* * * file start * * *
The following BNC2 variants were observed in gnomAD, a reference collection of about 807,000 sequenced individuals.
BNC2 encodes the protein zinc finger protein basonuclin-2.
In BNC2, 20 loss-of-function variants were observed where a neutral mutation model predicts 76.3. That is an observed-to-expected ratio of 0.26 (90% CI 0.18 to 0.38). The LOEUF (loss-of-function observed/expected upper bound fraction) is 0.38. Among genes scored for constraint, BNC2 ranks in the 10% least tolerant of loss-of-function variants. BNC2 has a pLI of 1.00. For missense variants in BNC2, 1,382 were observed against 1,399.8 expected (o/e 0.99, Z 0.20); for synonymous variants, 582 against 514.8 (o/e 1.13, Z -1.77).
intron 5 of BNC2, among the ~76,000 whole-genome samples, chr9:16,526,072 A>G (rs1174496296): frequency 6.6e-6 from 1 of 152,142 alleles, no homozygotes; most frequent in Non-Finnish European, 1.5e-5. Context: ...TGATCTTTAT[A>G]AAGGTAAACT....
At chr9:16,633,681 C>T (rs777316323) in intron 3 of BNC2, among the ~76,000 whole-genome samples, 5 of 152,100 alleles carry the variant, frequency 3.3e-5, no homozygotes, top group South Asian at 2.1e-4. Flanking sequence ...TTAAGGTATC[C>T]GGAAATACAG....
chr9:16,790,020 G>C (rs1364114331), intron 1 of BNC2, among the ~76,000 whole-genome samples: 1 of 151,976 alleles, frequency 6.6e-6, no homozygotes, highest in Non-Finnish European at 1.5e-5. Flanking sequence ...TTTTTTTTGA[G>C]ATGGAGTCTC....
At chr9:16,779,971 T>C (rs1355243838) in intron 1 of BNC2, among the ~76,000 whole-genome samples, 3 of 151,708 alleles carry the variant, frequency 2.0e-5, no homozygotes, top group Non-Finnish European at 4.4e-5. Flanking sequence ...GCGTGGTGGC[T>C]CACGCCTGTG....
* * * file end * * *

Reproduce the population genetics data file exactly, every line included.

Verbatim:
The following BNC2 variants were observed in gnomAD, a reference collection of about 807,000 sequenced individuals.
BNC2 encodes the protein zinc finger protein basonuclin-2.
In BNC2, 20 loss-of-function variants were observed where a neutral mutation model predicts 76.3. That is an observed-to-expected ratio of 0.26 (90% CI 0.18 to 0.38). The LOEUF (loss-of-function observed/expected upper bound fraction) is 0.38. Among genes scored for constraint, BNC2 ranks in the 10% least tolerant of loss-of-function variants. BNC2 has a pLI of 1.00. For missense variants in BNC2, 1,382 were observed against 1,399.8 expected (o/e 0.99, Z 0.20); for synonymous variants, 582 against 514.8 (o/e 1.13, Z -1.77).
intron 5 of BNC2, among the ~76,000 whole-genome samples, chr9:16,526,072 A>G (rs1174496296): frequency 6.6e-6 from 1 of 152,142 alleles, no homozygotes; most frequent in Non-Finnish European, 1.5e-5. Context: ...TGATCTTTAT[A>G]AAGGTAAACT....
At chr9:16,633,681 C>T (rs777316323) in intron 3 of BNC2, among the ~76,000 whole-genome samples, 5 of 152,100 alleles carry the variant, frequency 3.3e-5, no homozygotes, top group South Asian at 2.1e-4. Flanking sequence ...TTAAGGTATC[C>T]GGAAATACAG....
chr9:16,790,020 G>C (rs1364114331), intron 1 of BNC2, among the ~76,000 whole-genome samples: 1 of 151,976 alleles, frequency 6.6e-6, no homozygotes, highest in Non-Finnish European at 1.5e-5. Flanking sequence ...TTTTTTTTGA[G>C]ATGGAGTCTC....
At chr9:16,779,971 T>C (rs1355243838) in intron 1 of BNC2, among the ~76,000 whole-genome samples, 3 of 151,708 alleles carry the variant, frequency 2.0e-5, no homozygotes, top group Non-Finnish European at 4.4e-5. Flanking sequence ...GCGTGGTGGC[T>C]CACGCCTGTG....